Whenever you’re not playing a competitive game you owe it to yourself to select a different EQ setting though. The GSP 550 is without a doubt the best sounding gaming headset that I’ve ever used. It delivers a clear and accurate sound experience all across the park, with heavy and thumping low ends and bright, clear mids and highs.
The 7.1 Dolby option works great in games that properly support it as well; it’s not as effective in every game but that’s the case with nearly every virtual surround sound option. You can toggle it on or off via the dongle (its status is indicated with an LED) so it’s easy enough to experiment with it a bit.
I ran the GSP 550 through my dedicated headphone testing playlist to see how it handles music (something where a lot of great gaming headsets fall short) and it handles the wide variety of genres that can be found there with ease. I handed this headset off to some of my friends and family, a group which ranges from ‘what is an iPod?’ to semi-pro musicians, to see if I was perhaps getting a bit carried away but all of them were as excited with the sound quality as I was. The GSP 550 definitely lives in the absolute top end of the spectrum when it comes to sound quality.
The mic is great too. It’s certainly one of the clearest and most natural sounding microphones on a gaming headset that I’ve heard so far, and it does a great job at filtering out loud and annoying background noise. There’s also no sudden sound level drops or warping so this can definitely be used for longer, more serious voice applications. If you’re a streamer or recording artist I’d obviously recommend you to go for a dedicated external mic, but as far as gaming headsets go this is one of the best mics I’ve used to date.
In short: there are plenty of gaming headsets which sound great, but the GSP 550 takes it up a notch. That’s perhaps to be expected from an audio company with such pedigree, but that didn’t stop me from being absolutely impressed by the sound.
“The GSP 550 is without a doubt the best sounding gaming headset that I’ve ever used”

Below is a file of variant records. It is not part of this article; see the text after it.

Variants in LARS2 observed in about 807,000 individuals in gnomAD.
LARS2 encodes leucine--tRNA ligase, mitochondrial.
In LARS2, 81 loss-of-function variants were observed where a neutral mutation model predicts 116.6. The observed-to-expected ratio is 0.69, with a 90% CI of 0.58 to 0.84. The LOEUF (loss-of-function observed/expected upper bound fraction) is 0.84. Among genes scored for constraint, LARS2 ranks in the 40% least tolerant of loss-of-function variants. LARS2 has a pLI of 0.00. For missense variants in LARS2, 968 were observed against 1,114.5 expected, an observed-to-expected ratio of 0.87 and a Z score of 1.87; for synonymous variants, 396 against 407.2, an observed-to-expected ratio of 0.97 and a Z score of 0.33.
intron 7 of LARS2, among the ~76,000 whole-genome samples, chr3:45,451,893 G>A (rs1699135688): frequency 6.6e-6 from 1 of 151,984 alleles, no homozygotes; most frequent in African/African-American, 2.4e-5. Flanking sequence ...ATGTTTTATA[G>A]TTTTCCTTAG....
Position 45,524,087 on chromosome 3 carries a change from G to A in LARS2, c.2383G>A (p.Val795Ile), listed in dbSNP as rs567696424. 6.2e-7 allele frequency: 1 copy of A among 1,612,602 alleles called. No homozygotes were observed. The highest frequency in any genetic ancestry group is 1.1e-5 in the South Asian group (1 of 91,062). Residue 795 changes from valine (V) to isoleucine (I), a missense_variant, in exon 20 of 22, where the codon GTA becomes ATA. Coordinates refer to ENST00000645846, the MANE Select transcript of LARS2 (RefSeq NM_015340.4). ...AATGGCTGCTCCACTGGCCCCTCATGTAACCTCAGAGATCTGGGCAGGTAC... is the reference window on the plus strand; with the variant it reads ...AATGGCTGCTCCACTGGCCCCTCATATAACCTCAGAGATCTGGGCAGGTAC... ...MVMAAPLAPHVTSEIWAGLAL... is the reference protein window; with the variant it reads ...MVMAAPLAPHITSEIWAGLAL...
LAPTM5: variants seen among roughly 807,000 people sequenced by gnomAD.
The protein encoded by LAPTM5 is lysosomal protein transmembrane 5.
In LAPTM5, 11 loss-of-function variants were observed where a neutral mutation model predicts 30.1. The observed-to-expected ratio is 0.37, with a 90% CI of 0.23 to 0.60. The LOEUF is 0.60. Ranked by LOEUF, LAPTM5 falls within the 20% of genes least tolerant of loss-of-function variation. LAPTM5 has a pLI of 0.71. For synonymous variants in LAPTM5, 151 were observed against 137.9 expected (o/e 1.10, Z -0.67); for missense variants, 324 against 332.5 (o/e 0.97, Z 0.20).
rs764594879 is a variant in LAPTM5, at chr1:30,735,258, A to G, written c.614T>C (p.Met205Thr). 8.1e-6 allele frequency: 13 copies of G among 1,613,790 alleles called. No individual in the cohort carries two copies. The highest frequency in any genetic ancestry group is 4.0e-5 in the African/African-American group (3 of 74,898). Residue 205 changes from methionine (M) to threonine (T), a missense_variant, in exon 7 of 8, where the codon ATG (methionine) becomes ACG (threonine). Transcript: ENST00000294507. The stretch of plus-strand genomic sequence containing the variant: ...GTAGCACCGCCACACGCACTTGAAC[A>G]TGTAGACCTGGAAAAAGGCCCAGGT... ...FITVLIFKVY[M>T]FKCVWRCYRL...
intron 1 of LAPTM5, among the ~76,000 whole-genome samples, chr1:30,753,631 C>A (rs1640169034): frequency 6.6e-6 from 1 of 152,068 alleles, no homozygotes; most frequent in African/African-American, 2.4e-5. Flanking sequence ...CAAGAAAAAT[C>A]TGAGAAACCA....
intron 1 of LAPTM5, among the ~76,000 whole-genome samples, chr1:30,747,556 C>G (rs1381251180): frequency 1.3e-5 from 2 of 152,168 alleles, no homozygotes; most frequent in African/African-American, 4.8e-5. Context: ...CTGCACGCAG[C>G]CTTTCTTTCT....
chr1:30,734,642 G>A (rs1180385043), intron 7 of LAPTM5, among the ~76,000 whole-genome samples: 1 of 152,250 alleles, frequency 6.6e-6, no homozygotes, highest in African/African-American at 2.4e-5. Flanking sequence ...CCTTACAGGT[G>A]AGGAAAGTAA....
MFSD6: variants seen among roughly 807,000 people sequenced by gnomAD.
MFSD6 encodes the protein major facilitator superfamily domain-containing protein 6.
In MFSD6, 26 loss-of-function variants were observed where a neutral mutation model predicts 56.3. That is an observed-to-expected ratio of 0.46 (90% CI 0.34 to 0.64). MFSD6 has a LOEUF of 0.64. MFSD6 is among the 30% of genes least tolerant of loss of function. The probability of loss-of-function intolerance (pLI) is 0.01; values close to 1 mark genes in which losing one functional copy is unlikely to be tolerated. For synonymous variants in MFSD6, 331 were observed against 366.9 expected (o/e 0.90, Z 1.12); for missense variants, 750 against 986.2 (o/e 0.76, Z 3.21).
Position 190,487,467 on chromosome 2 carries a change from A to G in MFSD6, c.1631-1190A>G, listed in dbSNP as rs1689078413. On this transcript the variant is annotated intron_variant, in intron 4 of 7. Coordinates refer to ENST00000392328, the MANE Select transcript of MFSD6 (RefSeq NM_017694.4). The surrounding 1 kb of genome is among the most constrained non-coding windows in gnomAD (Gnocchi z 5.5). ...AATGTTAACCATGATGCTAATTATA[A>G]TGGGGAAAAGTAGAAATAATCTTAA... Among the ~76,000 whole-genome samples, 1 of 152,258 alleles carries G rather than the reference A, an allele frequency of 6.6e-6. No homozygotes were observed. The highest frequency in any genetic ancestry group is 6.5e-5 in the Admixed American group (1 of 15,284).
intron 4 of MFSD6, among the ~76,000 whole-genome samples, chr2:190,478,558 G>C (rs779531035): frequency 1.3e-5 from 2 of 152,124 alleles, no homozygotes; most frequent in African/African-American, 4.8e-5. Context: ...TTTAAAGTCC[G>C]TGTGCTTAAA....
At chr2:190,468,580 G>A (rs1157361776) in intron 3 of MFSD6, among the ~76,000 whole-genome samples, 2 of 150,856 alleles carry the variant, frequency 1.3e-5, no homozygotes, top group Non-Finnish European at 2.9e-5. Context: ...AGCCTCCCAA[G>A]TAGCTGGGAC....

Features and ease of use
The GSP 550 isn’t exactly what you’d call packed with features. There is an overall volume dial on the right ear cup which is easy to find without looking and pleasant to use, and you can mute the mic by moving it upwards.
The mic gives some tactile feedback whenever it passes the ‘mute threshold’, which makes it pretty easy to tell whenever you’ve crossed said line but I would have perhaps liked to see a little LED indicator in the mic arm itself to indicate the state of the mic. This obviously isn’t some insurmountable defect, but rather something small that they could improve on.
The headset connects to your PC through a USB dongle which has a button to toggle the 7.1 Dolby surround on or off, and that’s all there is to the dongle. Not a problem for me, but people who like to fiddle with chat balance or toggle all sorts of settings via their hardware are going to be found wanting more with the GSP 550.
I do like the included software. It’s by no means as expansive as what some competitors are offering but it has everything I personally want, and it’s all packed in a lightweight little program. The software allows you to choose between the 4 EQ profiles, toggle noise reduction on or off, and set the sidetone or turn it off completely. Again; people who like to fiddle with every imaginable setting will be somewhat disappointed here, but I never found the software lacking. They could add a couple more EQ profiles or let you tweak the EQ yourself however.
Last thing I should mention: this is an open-back headset, which means that the ear cups have a (partially) open design. This gives you a wider soundstage and generally a better sound, but it does mean that it’s not that good at blocking out outside noise and that it does leak some sound. If you’re constantly gaming in a very loud environment or your gaming station is right next to the family TV or whatever you’ll want to be aware of this fact before purchasing.
If you’re looking for the absolute best sound and mic quality in a gaming headset you’ve found your last stop. The GSP 550 is the best sounding gaming headset that I’ve had the pleasure of testing so far, and it comes in an extremely comfortable package carrying a phenomenal microphone to boot.
If it fits your budget you can literally not go wrong with the GSP 550 if you’re a PC gamer. It’s great for competitive gaming (partially due to the ‘esport’ EQ setting) as well as cinematic gaming and listening to music so this is certainly a product that’ll handle whatever you throw at it with ease.
It is an open-back headset though, which means that it’s not the best at drowning out outside noise. It’s also relatively plain in the sense that there aren’t a whole lot of extra features on the hardware and the software is pretty bare-bones. If you’re gaming in a noisy environment or you like to fiddle around with all sorts of settings you should keep that in mind.
Aside from these minor drawbacks (being open-backed isn’t a drawback but I mention it because most gaming headsets are closed-back) the GSP 550 is without a doubt one of the best headsets to grace the gaming landscape.